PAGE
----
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[Shown in Image: Dennis Fisher and John Mack]
The Advance of Bucks County asked each of the candidates to respond to a question - in their own words - about why they are running and the biggest challenge facing the township. Here are their responses:
John Mack (D)
…there is a possibility of Newtown losing its semi-rural charm and becoming a modern-day “Pottersville” through over development. It is imperative that Supervisors have the necessary EXPERIENCE and TIME to devote to develop a 5-year financial plan and a new 10-year Comprehensive Plan to deal with these problems and make the right decisions that benefit all residents. As a Supervisor, retired businessman, and member of my homeowners’ association executive board, I have the experience and time necessary to devote to the job.
Dennis Fisher (D)
I am running to serve. Twelve years of serving on the Planning Commission and the Environmental Advisory Council have prepared me for this time. My understanding of Land Use issues and my ability to build consensus with other points of view will be critical as we develop the 10-year Comprehensive Plan to guide Newtown’s future.
Daniel Boyle (R)
I am a concerned Newtown resident who expects to raise my family here for years to come and hopes my family will raise their families here and I believe that real change only occurs when we are willing to put ourselves at the point of friction in a position to effect that change.
TJ Butler (R)
As a 25-year resident of Newtown, I want to preserve the values that have shaped Newtown into one of the best places to live, work and shop in Bucks County. As our community continues to grow, we need to support our local business owners, use common sense when approving development.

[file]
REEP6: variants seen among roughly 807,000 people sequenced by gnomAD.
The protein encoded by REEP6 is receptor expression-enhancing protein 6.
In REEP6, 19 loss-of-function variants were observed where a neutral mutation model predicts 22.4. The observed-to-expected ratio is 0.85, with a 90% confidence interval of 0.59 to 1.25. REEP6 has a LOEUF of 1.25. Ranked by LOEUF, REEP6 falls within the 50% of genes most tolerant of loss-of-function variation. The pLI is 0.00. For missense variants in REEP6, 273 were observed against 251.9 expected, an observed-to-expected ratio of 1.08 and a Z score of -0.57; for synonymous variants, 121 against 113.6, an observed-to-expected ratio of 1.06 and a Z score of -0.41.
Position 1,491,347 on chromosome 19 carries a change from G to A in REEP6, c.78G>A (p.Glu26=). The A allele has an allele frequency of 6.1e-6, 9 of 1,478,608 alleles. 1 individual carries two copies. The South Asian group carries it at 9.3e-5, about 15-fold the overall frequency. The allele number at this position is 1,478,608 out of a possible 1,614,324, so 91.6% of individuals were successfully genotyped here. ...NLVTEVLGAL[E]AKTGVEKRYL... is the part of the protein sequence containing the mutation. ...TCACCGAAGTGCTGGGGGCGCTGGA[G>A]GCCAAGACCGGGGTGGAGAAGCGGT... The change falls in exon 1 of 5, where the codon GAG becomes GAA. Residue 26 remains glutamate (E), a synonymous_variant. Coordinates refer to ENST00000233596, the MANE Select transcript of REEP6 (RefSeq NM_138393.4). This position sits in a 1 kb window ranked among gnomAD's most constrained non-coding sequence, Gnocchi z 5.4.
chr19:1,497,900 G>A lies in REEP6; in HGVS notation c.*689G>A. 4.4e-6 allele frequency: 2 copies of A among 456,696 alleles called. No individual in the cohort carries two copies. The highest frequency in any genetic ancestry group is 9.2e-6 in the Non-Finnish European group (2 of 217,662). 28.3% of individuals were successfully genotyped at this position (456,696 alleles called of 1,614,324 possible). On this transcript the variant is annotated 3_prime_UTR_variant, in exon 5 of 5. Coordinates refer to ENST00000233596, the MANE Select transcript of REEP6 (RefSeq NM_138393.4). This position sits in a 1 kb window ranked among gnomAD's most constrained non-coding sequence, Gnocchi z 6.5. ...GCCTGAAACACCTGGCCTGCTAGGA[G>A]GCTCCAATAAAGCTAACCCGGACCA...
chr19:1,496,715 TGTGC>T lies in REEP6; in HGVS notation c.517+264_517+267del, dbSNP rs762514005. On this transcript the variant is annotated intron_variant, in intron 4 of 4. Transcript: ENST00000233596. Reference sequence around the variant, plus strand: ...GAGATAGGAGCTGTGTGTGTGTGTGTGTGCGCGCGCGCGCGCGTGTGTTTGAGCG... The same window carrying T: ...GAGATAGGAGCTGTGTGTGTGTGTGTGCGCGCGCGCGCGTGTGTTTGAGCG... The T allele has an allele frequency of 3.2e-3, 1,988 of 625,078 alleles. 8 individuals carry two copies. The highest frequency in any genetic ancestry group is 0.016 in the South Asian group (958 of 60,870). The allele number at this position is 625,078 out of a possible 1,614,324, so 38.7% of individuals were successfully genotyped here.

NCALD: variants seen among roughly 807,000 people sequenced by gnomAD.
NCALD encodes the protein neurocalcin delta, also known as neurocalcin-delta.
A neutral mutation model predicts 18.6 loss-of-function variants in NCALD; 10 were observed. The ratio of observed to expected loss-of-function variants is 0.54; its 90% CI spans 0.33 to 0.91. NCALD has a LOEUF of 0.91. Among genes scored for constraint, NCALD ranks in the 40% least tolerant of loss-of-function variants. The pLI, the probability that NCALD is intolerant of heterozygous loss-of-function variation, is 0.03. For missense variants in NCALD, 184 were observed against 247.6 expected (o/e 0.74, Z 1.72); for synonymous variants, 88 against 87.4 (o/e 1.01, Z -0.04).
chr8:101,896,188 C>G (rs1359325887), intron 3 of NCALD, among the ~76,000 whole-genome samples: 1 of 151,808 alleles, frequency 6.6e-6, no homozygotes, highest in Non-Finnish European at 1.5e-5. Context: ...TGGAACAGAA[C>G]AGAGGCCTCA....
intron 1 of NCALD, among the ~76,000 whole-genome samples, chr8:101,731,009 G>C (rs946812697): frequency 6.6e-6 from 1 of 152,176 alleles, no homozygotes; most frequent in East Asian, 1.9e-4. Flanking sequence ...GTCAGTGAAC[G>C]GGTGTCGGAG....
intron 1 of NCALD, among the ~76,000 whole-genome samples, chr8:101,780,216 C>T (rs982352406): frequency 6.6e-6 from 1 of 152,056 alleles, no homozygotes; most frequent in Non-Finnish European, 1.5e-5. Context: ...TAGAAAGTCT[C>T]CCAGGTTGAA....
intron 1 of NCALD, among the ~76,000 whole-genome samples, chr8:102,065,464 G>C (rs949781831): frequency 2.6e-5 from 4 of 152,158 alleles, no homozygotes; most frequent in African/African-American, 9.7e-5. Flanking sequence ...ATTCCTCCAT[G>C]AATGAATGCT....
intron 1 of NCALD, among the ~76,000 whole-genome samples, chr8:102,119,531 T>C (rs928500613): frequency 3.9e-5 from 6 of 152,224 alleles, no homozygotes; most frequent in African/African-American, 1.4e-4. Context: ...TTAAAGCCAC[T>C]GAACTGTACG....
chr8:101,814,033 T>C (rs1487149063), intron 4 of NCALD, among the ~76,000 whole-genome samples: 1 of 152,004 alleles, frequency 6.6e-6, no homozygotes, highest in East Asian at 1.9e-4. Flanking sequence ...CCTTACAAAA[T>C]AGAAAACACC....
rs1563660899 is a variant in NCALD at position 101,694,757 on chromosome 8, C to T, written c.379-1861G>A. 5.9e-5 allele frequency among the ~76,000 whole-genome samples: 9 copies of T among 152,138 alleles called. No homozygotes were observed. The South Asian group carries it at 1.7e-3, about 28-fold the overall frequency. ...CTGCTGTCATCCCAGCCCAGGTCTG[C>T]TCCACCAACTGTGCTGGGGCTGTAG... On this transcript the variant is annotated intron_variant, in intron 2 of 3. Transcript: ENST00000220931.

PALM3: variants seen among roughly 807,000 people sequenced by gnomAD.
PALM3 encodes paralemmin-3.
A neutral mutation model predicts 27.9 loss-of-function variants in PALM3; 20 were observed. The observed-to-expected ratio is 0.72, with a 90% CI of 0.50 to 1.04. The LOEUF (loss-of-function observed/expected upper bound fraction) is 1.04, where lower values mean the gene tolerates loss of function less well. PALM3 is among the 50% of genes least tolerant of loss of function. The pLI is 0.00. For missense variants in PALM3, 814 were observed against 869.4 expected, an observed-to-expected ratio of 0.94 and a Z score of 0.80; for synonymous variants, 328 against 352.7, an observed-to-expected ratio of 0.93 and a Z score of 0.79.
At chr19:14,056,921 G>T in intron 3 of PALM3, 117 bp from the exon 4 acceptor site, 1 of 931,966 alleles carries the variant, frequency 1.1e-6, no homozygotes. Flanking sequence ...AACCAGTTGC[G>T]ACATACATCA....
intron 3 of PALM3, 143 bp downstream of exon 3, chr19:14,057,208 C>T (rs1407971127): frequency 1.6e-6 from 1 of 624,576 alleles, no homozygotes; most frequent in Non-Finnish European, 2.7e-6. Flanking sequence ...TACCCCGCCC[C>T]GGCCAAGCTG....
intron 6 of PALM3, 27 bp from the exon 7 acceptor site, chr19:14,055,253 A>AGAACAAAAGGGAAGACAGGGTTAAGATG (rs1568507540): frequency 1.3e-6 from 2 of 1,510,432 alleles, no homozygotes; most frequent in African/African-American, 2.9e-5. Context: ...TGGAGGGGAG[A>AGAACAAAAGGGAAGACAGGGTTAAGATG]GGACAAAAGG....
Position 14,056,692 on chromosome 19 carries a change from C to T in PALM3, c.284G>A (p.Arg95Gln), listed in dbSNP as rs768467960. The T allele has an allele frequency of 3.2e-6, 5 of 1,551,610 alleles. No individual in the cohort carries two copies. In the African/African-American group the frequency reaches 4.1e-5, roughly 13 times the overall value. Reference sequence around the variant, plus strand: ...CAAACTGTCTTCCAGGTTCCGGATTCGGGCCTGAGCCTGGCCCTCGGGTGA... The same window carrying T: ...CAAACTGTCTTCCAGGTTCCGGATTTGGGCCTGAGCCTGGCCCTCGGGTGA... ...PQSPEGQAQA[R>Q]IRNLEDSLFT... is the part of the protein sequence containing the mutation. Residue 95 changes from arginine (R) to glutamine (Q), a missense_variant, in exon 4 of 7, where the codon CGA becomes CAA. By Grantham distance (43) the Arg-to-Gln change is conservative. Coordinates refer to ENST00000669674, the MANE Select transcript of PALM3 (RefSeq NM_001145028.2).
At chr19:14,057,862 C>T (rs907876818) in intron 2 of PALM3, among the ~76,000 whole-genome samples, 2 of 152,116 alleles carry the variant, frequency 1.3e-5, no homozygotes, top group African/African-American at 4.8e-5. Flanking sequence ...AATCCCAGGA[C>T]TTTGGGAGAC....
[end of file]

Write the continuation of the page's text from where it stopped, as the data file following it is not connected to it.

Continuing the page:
Like many municipalities in Bucks County, Newtown Township is struggling to maintain its current finances. In 2018, the general fund balance decreased by more than $665,000.Being blamed for part of downward trend is the loss of Earned Income Taxes as surrounding towns such as Bensalem and Middletown have enacted EITs of their own.Real estate transfer taxes have also decreased in 2019. Factors affecting the volatile housing market include diminishing supply, rising costs, interest rates and demand. The township has reduced the budgeted figure for transfer taxes for the second consecutive year, this time from $800,000 to $750,000.Where Newtown really runs into a budget shortfall is debt service. A 2020 municipal bond that was refinanced at TD Bank has allowed township officials to make payments to debt service without contemplating a tax increase.In his presentation of the 2020 budget to the supervisors on Oct. 14, Township Manager Micah Lewis announced that the township’s current millage rate doesn’t cover the cost of future payments it has to make to its debt. The current fund balance will carry debt service payments through 2020. After that, Lewis said, the fund will fall short by more than $100,000.Lewis reported that the township has significantly scaled back expenditures in its 2020 budget in order to offset projected shortfalls. He is recommending that future budgets contain revenue increases to support the diminishing general fund and offset the volatility of the current funding structure.